Further work by the Scripps team placed miR-212 within a delicately balanced network of epigenetic feedback and feed-forward loops in the dorsal striatum. CREB is pivotal in the network because its effects are bidirectional. Overall, it reduces sensitivity to cocaine reward, but it also promotes production of BDNF, which has the opposite effect. CREB tempers this second effect, however, by also promoting miR-212, which reduces production of BDNF and competes with MeCP2. Ultimately, the sum of the direct and indirect, reciprocal and opposed relationships among all of these molecules shapes an individual's vulnerability to cocaine's motivational effects.
Dr. Kenny calls particular attention to MeCP2 in this network. Mutations in this protein have been implicated by other researchers in Rett syndrome, a neurodevelopmental disorder that occurs mainly in girls and is related to autism. Like addicted individuals, people with Rett syndrome have abnormal function in the dorsal striatum and behave compulsively.
The Scripps researchers' finding, that MeCP2 is implicated in uncontrolled drug-taking, provides support for an idea that had been suggested but never confirmed: that addiction and neurodevelopmental processes may sometimes share pathways.
More MicroRNAs Linked to Addiction
Mice whose neurons lack a protein essential for the generation or function of certain microRNAs consume less cocaine than normal mice, according to a study by the team of Dr. Paul Kenny of The Scripps Research Institute in Jupiter, Florida, in collaboration with NIDA-supported investigator Dr. Paul Greengard of The Rockefeller University. The results suggest that some microRNAs may stimulate brain mechanisms that contribute to drug addiction.
The investigators blocked the expression of the gene Argonaute 2, which produces the protein (Ago2) that is essential for many microRNAs to function. The Ago2-deficient mice showed reduced motivation to self-administer cocaine.
The researchers examined a group of brain neurons that express dopamine 2 receptors (D2Rs). These neurons are of particular interest because the neurotransmitter dopamine is implicated in drug abuse and addiction, and animals with fewer available D2Rs have been shown to be especially responsive to cocaine's reinforcing effects.
In their experiment, the researchers identified 23 microRNAs that have reduced abundance or function in D2R-expressing neurons of the Ago2-deficient animals. From the nucleotide sequences, the researchers predict that those microRNAs will affect the activity or production of several compounds, including CREB and BDNF, which are already known to play roles in cocaine addiction. Future studies may identify the contribution of each of the microRNAs to various facets of addictive behavior.
This study suggests that unlike miR-212, which tends to reduce an animal's cocaine intake, some microRNAs promote cocaine intake. "There is likely to be tremendous interplay between all the microRNAs in the brain," Dr. Kenny says. "Together, they coordinate responses to cocaine and vulnerability to addiction."
Schaefer, A., et al. Argonaute 2 in dopamine 2 receptor-expressing neurons regulates cocaine addiction. Journal of Experimental Medicine207(9):1843-1851, 2010. (Full Text (PDF, 4.9MB))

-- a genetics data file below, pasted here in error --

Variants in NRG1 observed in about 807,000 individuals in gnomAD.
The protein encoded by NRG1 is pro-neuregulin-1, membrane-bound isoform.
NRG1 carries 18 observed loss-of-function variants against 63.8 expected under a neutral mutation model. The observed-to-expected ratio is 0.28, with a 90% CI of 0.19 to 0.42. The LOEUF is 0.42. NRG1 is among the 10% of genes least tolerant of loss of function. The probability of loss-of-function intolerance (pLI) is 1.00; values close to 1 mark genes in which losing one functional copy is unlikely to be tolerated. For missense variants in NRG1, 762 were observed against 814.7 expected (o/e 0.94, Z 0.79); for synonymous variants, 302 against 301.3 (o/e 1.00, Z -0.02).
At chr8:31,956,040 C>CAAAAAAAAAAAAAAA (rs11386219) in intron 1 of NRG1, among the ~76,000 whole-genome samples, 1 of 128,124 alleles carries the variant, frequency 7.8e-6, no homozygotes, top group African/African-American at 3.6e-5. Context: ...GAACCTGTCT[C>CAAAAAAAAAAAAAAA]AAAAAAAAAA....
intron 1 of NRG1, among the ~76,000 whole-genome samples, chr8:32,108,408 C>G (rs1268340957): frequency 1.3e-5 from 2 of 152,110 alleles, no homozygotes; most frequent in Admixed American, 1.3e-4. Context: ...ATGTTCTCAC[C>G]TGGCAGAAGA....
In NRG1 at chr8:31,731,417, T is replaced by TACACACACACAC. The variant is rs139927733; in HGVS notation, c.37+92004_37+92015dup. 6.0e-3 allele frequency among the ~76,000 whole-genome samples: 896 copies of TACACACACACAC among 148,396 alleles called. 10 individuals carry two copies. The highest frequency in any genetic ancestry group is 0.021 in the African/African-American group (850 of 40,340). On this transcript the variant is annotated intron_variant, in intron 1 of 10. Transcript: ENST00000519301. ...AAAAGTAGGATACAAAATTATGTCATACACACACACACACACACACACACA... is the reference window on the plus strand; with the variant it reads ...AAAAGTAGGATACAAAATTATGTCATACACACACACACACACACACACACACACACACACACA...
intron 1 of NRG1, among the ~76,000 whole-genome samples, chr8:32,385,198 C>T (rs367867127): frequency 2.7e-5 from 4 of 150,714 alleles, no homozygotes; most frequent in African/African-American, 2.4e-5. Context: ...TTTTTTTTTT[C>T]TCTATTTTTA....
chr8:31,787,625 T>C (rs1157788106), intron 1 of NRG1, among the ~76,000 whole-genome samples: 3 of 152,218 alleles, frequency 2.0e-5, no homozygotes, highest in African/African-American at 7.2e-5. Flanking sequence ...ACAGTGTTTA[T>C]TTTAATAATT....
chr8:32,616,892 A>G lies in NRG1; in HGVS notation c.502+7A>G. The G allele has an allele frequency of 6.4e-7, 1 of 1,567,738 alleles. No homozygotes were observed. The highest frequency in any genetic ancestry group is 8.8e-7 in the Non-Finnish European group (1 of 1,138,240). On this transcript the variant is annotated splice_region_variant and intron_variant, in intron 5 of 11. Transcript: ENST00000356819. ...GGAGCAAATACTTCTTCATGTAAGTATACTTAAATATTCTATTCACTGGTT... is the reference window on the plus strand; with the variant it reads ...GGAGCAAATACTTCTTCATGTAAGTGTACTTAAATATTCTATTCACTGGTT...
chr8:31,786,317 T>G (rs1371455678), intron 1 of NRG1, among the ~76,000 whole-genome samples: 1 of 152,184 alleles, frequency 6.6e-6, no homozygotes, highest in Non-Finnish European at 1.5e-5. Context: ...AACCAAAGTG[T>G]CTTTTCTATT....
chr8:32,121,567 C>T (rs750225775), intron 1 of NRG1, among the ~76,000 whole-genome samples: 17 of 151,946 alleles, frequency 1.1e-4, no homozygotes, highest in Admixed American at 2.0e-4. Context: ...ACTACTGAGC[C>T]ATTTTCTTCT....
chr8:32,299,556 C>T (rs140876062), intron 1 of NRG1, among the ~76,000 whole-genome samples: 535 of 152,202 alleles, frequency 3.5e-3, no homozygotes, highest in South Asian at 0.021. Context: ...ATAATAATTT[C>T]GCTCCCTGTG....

Opening the Door to New Therapies
A model of addiction is emerging from these two studies by Dr. Kenny and colleagues. It suggests that miR-212 serves as a key regulator of CREB and BDNF and other molecules in the striatum, thus affecting cocaine intake. Other microRNAs may play similar roles, resulting in intricate networks of regulation of the brain's reward pathways.
Dr. Kenny and colleagues have already discovered that levels of other microRNAs, such as miR-132 (see figure), also increase in the dorsal striatum of rats given extended access to cocaine. However, some of these other microRNAs, unlike miR-212, may promote addiction rather than protect against it (see box).
"These studies provide the first strong evidence that microRNAs play a role in drug abuse," says Dr. John Satterlee of NIDA's Division of Basic Neuroscience and Behavioral Research.
One exciting aspect of this work is that it may be possible to develop treatments for drug addiction or other disorders by replicating the actions of a particular microRNA. Therapies based on microRNAs are already being tested in cancer, with some currently in randomized controlled multicenter trials on large patient groups. "If we tweak these therapies in just the right way, they might be very beneficial for treating drug addiction," says Dr. Kenny, adding that he is cautiously optimistic about the prospects.
There are, however, many challenges to developing microRNA therapies that treat addiction. Any therapy targeted to the brain, for example, has to make its way across the barrier of tightly fitting endothelial cells that line blood vessels, preventing many substances from passing from the blood into the brain. This barrier evolved to protect the brain from poisons, but it also keeps many medications out. In addition, because one microRNA may regulate thousands of genes, harmful side effects might result from turning on or off the production of a microRNA.
Despite these caveats, Dr. Kenny's work opens the door to a new therapeutic approach, according to Dr. Satterlee. "MicroRNAs and the pathways they regulate provide a huge number of potential drug targets that we did not know about," he says.
Hollander, J.A., et al. Striatal microRNA controls cocaine intake through CREB signaling. Nature 466(7303):197-202, 2010. (Full Text (PDF, 4.1MB))
Im, H.I., Hollander, J.A., Bali, P., and Kenny, P.J. MeCP2 controls BDNF expression and cocaine intake through homeostatic interactions with microRNA-212. Nature Neuroscience 13(9):1120-1127, 2010. (Full Text (PDF, 2.4MB))